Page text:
CLEANED CLOTHES – Tibullus: But you come to us, oh alma Peace, keep up the ear, and fill of apples, the womb of your white robe. BAD WORDS – J. Milton: With words coated ornaments of reason, advised ignoble calm, quiet and slothful. DESERT – Tacitus: They make a desert and call it peace.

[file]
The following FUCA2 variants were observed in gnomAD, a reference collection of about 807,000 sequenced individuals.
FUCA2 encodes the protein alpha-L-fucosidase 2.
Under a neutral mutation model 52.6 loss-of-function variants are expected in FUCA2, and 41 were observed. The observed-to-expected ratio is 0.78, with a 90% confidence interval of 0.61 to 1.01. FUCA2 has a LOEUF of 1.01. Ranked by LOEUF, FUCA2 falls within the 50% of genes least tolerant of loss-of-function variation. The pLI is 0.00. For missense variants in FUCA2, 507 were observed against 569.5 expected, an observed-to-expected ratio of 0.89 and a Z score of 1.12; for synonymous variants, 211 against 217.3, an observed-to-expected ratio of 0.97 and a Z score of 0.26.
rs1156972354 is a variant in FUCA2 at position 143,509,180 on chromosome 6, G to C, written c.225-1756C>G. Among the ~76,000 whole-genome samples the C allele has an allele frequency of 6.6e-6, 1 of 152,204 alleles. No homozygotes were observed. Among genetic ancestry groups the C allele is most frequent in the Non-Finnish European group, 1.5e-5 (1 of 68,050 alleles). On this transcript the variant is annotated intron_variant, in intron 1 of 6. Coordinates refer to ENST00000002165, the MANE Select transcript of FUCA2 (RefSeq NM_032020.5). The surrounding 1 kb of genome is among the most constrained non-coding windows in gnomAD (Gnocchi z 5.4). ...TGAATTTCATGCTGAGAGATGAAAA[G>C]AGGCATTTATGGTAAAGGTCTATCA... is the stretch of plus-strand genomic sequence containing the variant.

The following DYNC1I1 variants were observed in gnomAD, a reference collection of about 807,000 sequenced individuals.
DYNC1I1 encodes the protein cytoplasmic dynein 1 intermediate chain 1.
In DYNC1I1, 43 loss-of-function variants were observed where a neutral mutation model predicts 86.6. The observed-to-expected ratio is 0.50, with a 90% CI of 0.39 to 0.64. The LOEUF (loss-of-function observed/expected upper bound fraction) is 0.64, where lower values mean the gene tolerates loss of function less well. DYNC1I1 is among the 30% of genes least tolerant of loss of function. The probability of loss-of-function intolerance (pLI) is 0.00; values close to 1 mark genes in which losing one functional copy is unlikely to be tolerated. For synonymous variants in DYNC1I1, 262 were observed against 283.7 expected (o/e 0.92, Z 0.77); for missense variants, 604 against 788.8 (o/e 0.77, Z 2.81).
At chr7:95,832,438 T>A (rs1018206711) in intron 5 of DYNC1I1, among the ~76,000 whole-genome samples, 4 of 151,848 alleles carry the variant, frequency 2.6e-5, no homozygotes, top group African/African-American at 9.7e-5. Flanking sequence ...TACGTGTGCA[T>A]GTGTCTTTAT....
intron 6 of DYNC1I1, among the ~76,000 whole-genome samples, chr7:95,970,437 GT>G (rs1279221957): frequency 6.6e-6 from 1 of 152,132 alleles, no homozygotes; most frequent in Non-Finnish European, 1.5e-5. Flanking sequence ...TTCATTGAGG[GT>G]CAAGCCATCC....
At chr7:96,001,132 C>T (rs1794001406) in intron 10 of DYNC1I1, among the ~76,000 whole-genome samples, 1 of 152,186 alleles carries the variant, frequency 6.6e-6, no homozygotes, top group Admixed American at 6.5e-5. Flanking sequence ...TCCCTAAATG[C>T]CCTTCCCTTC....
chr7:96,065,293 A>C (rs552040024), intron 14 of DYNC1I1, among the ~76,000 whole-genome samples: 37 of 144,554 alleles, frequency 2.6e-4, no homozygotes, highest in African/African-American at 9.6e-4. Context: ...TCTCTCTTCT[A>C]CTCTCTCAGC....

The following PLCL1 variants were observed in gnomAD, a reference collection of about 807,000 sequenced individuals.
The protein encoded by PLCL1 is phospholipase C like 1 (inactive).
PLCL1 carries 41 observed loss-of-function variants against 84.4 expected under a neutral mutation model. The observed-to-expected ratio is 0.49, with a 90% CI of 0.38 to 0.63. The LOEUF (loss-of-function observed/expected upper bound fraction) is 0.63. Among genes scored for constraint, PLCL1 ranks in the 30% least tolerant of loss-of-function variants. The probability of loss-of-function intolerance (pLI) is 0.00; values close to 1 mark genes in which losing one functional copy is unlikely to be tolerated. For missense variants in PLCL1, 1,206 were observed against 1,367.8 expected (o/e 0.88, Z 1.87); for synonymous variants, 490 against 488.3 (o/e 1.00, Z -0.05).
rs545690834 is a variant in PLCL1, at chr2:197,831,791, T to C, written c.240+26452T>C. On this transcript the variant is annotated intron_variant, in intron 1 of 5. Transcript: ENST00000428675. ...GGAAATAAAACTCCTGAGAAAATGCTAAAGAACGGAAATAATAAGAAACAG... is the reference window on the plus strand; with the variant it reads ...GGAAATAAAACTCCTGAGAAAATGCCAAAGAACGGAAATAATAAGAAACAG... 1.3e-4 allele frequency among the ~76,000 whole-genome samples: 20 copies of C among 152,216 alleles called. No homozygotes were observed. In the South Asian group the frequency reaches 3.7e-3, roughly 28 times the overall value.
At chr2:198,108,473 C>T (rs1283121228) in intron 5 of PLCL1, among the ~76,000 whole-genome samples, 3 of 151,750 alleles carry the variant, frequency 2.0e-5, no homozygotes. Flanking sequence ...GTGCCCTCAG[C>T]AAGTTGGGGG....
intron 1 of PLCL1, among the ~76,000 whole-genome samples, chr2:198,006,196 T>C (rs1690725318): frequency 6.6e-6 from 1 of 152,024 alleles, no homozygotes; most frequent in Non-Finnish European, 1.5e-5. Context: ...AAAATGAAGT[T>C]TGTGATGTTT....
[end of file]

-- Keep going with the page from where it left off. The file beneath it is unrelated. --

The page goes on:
WINDOWS IN THE NIGHT – H. Marsman: Let me sleep in the mantle of your hair, and put your dark around my wild heart, banishes the light from the valleys of my eyes, and all unfolds your window at night. Because I’m tired, and the day I hit, with fire and with the wine of her source fails. SMELLS NICE – Aristophanes: Smells harvest, banquets, of Dionysia, flutes and songs, verses of Sophocles and Euripides stanzas. Smells of sheep and strainers, sheep bleating, breasts of women who run the oven, maids intoxicated and jars overturned. FROGS DORMANT – Indian Babe: Peace is when the frogs are sleeping, on the leaves of a water lily. IS THAT WHICH IS – Kuo Hsiang: Let all things be, what it is. Then, there will be peace. ROADS – B. Dylan: How many roads must a man go? How many miles must fly the dove?